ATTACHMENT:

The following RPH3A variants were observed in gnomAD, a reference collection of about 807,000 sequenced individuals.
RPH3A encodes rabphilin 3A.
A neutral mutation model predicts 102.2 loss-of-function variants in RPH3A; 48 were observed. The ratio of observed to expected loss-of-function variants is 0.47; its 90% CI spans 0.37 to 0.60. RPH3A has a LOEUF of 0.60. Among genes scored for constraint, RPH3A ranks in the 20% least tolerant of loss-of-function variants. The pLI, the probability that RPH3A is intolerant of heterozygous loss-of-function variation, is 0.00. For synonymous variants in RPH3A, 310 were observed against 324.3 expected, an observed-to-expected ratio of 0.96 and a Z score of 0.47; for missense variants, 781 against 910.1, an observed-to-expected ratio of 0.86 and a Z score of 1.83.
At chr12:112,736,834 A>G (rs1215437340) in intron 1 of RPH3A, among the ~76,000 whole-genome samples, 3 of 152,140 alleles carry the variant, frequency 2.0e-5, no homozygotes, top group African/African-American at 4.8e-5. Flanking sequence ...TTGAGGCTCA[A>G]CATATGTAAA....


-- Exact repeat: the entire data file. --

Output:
The following RPH3A variants were observed in gnomAD, a reference collection of about 807,000 sequenced individuals.
RPH3A encodes rabphilin 3A.
A neutral mutation model predicts 102.2 loss-of-function variants in RPH3A; 48 were observed. The ratio of observed to expected loss-of-function variants is 0.47; its 90% CI spans 0.37 to 0.60. RPH3A has a LOEUF of 0.60. Among genes scored for constraint, RPH3A ranks in the 20% least tolerant of loss-of-function variants. The pLI, the probability that RPH3A is intolerant of heterozygous loss-of-function variation, is 0.00. For synonymous variants in RPH3A, 310 were observed against 324.3 expected, an observed-to-expected ratio of 0.96 and a Z score of 0.47; for missense variants, 781 against 910.1, an observed-to-expected ratio of 0.86 and a Z score of 1.83.
At chr12:112,736,834 A>G (rs1215437340) in intron 1 of RPH3A, among the ~76,000 whole-genome samples, 3 of 152,140 alleles carry the variant, frequency 2.0e-5, no homozygotes, top group African/African-American at 4.8e-5. Flanking sequence ...TTGAGGCTCA[A>G]CATATGTAAA....